Friday, April 10, 2009

Feminist Blogger Friday: Interview #4 with Jennifer Kesler of The Hathor Legacy

It's the second Friday of the month again, which means it's time for another Feminist Blogger Friday interview. This month, I'm especially pleased to present my interview with Jennifer Kesler. Jennifer runs the collaborative media critique blog The Hathor Legacy, which interrogates film, television, advertising, books, and video games through a feminist/humanist lens. I occasionally blog for Hathor, and I can honestly say that The Hathor Legacy is one of my favorite group blogs (besides FWF, of course). And the comment sections are always fascinating and fired-up! For more information on Hathor, its origins and its mission, click here. For more information about Hathor's founder, tag along below the cut.

1. Jennifer, in The Hathor Legacy’s mission you write that you hope to “create a record of dissenting voices, so the film/tv industry is forced to admit our opinions exist,” and you’ve written a number of posts over the years since the blog’s inception in 2005 about the film industry’s general disregard for female characters, especially as central, independent protagonists. Can you talk a little bit about what made you decide to start a blog and what you get out of Hathor personally and professionally?

I was spending an inordinate amount of time on Stargate forums, arguing about the character of Sam Carter. One day, I was looking for sources to back me up and instead found a blogger arguing that the reason female characters were vapid was that women in real life were vapid. That was the last straw for me. I immediately bought a domain, installed some blogging software and started writing.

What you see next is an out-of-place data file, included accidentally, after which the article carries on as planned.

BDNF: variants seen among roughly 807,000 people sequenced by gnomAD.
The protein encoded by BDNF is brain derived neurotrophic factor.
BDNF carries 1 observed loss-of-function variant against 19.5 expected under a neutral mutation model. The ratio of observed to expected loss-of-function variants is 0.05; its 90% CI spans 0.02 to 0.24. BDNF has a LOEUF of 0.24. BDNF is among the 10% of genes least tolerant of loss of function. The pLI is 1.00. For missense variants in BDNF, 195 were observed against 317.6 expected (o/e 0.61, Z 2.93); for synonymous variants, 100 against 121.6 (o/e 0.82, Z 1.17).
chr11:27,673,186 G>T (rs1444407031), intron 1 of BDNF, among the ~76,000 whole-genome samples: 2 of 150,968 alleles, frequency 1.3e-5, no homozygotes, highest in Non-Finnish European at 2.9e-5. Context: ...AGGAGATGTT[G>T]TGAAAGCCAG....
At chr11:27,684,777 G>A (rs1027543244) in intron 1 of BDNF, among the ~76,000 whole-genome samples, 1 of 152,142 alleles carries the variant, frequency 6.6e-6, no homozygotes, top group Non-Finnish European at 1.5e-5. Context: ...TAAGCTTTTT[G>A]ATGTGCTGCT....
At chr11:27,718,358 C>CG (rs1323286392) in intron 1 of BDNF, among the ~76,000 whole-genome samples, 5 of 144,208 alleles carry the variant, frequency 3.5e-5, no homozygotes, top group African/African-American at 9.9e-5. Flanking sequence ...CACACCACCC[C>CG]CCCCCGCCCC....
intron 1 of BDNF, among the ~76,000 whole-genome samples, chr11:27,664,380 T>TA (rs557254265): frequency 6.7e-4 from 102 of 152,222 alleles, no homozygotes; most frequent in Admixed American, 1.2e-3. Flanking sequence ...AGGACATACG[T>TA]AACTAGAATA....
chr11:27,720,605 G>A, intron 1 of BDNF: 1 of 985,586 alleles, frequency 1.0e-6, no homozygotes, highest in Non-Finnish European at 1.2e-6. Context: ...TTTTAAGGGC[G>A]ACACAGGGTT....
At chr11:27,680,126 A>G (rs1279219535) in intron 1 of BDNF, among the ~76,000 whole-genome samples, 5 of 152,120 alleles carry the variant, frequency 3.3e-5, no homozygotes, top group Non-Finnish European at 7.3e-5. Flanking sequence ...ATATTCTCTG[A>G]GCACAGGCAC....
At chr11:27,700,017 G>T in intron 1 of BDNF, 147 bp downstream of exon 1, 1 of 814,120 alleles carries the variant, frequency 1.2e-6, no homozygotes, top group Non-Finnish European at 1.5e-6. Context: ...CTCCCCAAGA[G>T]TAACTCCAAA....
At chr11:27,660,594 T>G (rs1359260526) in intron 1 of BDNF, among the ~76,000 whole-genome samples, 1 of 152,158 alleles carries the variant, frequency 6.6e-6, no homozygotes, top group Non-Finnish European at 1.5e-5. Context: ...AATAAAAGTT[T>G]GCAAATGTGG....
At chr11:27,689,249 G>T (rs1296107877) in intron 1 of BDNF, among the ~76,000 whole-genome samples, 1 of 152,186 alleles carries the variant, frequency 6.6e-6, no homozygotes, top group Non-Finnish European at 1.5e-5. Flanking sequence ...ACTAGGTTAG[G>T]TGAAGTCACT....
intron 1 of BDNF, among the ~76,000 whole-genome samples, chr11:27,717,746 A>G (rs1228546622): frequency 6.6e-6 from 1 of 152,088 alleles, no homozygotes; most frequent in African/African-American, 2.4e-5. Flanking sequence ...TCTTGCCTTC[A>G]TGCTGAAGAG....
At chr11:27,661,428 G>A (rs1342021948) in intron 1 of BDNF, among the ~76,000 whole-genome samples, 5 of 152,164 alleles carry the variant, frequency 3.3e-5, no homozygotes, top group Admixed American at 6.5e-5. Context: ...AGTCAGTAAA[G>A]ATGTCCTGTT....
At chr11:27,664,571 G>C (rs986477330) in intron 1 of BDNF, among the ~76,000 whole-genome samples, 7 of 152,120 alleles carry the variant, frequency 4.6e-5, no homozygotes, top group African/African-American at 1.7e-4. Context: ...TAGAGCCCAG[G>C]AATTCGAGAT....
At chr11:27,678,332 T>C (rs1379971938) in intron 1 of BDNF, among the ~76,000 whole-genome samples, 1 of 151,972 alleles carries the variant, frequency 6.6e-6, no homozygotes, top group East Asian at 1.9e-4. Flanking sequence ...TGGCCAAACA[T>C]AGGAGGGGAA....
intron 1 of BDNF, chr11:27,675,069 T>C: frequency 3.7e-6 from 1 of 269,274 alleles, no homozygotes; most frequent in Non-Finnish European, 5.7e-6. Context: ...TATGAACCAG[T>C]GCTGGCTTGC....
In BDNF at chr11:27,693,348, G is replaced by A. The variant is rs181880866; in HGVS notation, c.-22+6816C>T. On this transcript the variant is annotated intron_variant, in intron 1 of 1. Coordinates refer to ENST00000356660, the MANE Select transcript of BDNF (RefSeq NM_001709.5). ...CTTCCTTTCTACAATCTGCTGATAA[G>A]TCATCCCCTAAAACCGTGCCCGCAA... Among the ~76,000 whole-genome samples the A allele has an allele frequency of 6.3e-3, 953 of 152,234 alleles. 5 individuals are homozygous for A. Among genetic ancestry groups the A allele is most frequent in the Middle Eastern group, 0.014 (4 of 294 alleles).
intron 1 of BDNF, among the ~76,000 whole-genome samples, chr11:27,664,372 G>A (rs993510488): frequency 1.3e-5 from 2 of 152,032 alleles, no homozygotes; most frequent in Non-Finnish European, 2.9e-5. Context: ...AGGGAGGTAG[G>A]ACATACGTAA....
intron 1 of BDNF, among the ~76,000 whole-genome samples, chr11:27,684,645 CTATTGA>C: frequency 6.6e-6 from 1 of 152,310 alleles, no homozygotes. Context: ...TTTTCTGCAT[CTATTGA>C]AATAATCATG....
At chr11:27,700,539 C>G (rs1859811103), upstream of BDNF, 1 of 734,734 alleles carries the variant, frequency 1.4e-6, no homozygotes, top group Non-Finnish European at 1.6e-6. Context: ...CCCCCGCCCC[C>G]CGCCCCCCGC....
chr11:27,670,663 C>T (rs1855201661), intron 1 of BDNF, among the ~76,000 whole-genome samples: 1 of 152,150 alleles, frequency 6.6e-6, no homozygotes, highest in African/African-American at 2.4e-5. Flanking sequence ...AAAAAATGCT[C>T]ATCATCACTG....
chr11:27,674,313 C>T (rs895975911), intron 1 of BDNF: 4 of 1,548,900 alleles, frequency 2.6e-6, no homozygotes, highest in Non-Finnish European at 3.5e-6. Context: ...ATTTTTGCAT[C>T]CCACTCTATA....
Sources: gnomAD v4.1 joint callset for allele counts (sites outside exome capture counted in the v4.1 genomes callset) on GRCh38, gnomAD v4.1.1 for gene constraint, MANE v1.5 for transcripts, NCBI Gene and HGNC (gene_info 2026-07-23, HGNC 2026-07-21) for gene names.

What I get out of the site personally is the knowledge that it's not just me. I never believed it was, but starting the site meant putting my money where my mouth is. As far as I'm concerned, it's paid off.

Professionally, Hathor has pushed me to improve my writing and communication skills -- to improve my thinking. It's exposed me to a lot of viewpoints I hadn't considered before, and I've learned much from them.

2. You’ve written a series of posts describing your own experiences as an aspiring screenwriter and why you ultimately left the film industry [see here, here, and here for starters]. What made you want to be a screenwriter in the first place? Do you feel that your creative drive is met elsewhere now? And, by the same token, what inspires you to write—whether for the blog or on other projects?

I believe storytelling is how culture evolves its thinking and gives individuals new ideas to consider. Film was reinforcing the idea that white heterosexual men belong at the center of our culture and everyone else should just orbit them. I thought if film told more stories about women and other so-called minorities, more people would begin to get the idea that every human life is a story potentially worth telling.

I'd really like to get back to writing fiction -- I've actually got two novels outlined and can't find time to start writing them. But for now, the instant gratification of audience feedback that blogging provides is very satisfying.

3. How would you characterize your relationship with feminism? Do you feel it's changed over the four years since you founded Hathor? If so, how and why?

Broadly speaking, feminism is just the belief that women are as worthy as men. But the term feminism also refers to a movement that's caused some pain to women who aren't white, straight and of means. So I've always had mixed feelings about wearing the label. But when writers started joining me on Hathor, many of them were self-identified feminists who criticized the same aspects of the movement that bothered me, and associating with them made me more comfortable with the label.

One of the most disturbing things Hathor has taught me is that all you have to do to get labeled a feminist is publicly state that you think women are okay. Is this such a radical idea that it needs a special term?